Cricket World Cup 2015: Why England (probably) won't win

England bowler Stuart Broad
Stuart Broad concedes a four every nine deliveries. Only four ODI bowlers have been more profligate in the past year.

Will England win the World Cup?

The bookmakers rate them among the favourites, captain Eoin Morgan says they are a "very dangerous" side and former skipper Michael Vaughan thinks they can "cause a few shocks".

The statistics suggest anything but.

BBC Sport has analysed the figures from all one-day international cricket from 1 January 2014 until the start of the World Cup, and the findings make grim reading for those hoping England will lift the trophy for the first time.

The form book

They may have reached the final of the tri-series in Australia earlier this month, but England's recent form is woeful: they have won only 10 of their last 29 ODIs.

Officially, Morgan's side are the fifth best in the world, but they are well short of matching top-ranked Australia's record of winning more than three-quarters of their games.

England and Australia win percentage graphic

Running cold

Former England spinner Graeme Swann has said England have no chance of winning the World Cup while playing "old-style" one-day cricket - and the numbers seem to back up his argument. England's run rate of 5.13 per over betters only that of Bangladesh and Zimbabwe.

Run rate per over
England hit an average of 17 fours per game. Only Zimbabwe hit fewer

An England batsman makes a century every three ODIs, less than half the rate South Africa manage. Only three sides have a poorer record than England.

Centuries scored per game graphic

Pressing the accelerator

England perform badly in the key phases of the innings, when they are expected to take the attack to the opposition bowlers with fielding restrictions in force.

While they average 48 runs in the first 10 overs - the fifth-best tally among the 10 sides analysed - England's record in the five-over batting powerplay is poor: again, they score fewer runs than all but Bangladesh and Zimbabwe.

Runs scored in batting powerplay graphic
England batsmen graphic

England fare equally poorly with the bat late in the innings, scoring fewer than 40 runs on average in the last five overs. Australia, by contrast, manage 52.

With the exception of Zimbabwe, who have not reached the final five overs when batting first, only Pakistan have a worse record than England.

Runs scored in batting powerplay graphic

With fewer runs, more wickets fall. More England batsmen perish in the last five overs than all other nations bar Sri Lanka.

Wickets lost in last 5 overs graphic

Below par with the ball

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Cricket World Cup 2015: England's one-day woes explained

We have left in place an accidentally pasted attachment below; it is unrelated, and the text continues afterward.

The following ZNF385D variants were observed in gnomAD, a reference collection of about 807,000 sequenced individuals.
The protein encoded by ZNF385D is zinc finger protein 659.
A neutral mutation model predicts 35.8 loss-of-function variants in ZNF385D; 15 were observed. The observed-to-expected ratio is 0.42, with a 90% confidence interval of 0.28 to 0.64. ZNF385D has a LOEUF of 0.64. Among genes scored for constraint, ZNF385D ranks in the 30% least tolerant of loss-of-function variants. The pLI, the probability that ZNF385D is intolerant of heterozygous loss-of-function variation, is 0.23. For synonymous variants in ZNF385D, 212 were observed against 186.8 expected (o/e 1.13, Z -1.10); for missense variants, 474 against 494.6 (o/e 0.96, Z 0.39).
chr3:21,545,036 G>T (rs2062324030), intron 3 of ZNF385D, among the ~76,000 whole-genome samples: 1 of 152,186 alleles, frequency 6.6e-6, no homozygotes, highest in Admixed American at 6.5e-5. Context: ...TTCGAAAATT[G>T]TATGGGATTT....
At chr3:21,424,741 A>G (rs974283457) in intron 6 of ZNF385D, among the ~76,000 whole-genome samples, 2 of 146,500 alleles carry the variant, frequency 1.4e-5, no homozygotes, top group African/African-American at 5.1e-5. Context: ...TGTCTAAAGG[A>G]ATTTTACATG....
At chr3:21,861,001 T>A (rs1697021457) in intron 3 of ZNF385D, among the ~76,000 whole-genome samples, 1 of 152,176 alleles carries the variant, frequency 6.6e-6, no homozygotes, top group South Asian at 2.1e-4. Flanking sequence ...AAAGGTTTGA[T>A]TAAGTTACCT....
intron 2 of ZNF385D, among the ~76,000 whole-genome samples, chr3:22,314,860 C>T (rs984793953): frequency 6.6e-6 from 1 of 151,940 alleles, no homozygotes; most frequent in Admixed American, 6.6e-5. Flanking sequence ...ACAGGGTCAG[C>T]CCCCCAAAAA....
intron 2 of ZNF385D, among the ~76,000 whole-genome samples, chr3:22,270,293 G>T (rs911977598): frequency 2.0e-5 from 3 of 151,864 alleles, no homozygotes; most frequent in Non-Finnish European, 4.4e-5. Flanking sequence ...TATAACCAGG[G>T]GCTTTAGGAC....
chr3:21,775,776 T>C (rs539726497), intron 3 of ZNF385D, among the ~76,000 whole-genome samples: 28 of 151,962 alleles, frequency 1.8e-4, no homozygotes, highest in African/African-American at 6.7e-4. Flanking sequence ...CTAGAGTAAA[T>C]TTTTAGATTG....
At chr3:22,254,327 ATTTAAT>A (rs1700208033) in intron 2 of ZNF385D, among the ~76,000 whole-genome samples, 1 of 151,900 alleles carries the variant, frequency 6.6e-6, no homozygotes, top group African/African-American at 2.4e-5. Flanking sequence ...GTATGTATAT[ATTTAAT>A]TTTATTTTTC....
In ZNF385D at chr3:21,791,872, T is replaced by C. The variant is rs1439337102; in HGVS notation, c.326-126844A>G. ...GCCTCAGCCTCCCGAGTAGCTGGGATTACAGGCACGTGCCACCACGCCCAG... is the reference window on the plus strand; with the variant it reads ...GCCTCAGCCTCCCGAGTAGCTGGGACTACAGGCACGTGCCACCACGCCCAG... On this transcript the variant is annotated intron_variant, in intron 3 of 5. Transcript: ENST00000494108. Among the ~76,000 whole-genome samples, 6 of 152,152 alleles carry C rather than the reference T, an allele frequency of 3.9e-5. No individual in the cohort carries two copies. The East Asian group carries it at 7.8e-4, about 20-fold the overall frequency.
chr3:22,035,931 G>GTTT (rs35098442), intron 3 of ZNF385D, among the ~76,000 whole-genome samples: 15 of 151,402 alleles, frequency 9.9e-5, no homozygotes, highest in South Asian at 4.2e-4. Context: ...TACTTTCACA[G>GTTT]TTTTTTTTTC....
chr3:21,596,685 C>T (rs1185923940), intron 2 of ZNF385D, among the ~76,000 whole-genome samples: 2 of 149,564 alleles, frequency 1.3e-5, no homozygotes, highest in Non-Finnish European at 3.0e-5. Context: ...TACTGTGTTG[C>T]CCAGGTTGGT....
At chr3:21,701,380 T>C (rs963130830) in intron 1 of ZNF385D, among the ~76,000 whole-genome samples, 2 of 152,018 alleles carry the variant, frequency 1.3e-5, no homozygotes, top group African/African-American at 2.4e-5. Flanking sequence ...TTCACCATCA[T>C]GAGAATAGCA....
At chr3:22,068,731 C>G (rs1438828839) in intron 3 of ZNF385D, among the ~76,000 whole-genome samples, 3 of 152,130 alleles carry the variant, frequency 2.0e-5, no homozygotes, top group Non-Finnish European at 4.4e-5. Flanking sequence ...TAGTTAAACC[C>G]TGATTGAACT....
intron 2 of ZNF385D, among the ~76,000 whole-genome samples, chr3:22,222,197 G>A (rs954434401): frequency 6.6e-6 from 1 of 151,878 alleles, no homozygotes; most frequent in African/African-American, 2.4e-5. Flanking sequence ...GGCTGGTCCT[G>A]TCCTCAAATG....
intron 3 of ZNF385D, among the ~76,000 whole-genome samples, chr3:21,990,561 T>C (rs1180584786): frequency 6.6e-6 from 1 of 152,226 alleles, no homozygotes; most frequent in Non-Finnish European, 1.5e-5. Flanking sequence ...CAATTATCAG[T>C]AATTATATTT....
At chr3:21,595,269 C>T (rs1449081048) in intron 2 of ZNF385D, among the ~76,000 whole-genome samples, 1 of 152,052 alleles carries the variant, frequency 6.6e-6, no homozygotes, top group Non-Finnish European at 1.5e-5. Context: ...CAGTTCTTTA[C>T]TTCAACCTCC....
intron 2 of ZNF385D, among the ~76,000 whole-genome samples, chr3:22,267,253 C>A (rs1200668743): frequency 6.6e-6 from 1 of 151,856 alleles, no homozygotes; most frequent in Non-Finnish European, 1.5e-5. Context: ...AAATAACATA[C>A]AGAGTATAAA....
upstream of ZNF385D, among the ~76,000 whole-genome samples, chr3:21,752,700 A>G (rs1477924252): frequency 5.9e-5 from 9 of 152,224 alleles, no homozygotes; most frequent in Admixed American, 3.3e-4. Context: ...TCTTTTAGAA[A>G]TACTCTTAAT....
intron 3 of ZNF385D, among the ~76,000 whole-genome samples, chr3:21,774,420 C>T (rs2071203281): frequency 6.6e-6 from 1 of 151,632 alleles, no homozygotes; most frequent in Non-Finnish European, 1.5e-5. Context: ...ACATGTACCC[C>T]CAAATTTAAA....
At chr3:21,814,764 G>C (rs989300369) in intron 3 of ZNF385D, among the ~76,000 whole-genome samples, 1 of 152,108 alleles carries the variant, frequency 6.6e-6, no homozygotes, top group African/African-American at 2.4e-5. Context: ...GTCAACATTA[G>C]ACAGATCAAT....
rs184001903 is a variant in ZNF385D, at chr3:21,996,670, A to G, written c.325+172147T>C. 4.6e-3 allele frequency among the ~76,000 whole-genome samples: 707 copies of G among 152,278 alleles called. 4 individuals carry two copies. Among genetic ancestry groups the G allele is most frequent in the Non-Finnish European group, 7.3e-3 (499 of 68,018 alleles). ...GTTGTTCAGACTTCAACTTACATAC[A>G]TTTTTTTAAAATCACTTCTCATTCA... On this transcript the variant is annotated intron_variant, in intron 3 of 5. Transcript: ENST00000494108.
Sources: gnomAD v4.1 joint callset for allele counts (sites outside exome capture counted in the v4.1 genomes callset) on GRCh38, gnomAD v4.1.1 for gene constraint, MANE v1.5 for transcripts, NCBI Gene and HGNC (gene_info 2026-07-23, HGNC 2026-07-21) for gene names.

If England lack explosiveness with the bat, the statistics also show they are wasteful with the ball - both at the start and end of an innings.

Only two teams concede more runs or take fewer wickets in the first five overs, while England leak more than nine runs an over in the final five.

"Bowling at the death is going to determine many World Cup games," says Simon Hughes, 'the Analyst' and Test Match Special commentator. "At the moment, England are not very good at it."

240-7: England's highest successful run chase
England are the only team to have lost twice after scoring 300 in the first innings

England concede almost 24 runs on average in the first five overs. New Zealand, the most economical side with the new ball, restrict their opponents to 18. England are grateful for the presence of Pakistan and South Africa from keeping them off the bottom of the pile.

Runs conceded in first 5 overs graphic

If early wickets are crucial in one-day cricket, England fall short: they manage a wicket in the first five overs roughly every other game. Pakistan and Zimbabwe are the only teams who are less incisive.

Wickets taken in first 5 overs graphic
England concede an average of 22 fours per game. Only Pakistan concede more
England bowlers graphic

Data provided by Test Match Special statistician Andrew Samson.

Statistics refer to averages for ODIs played between International Cricket Council full member nations between 1 January 2014 and 3 February 2015. Figures covering the first and last five overs refer only to the first innings of a match, because second-innings figures become a function of the target required.

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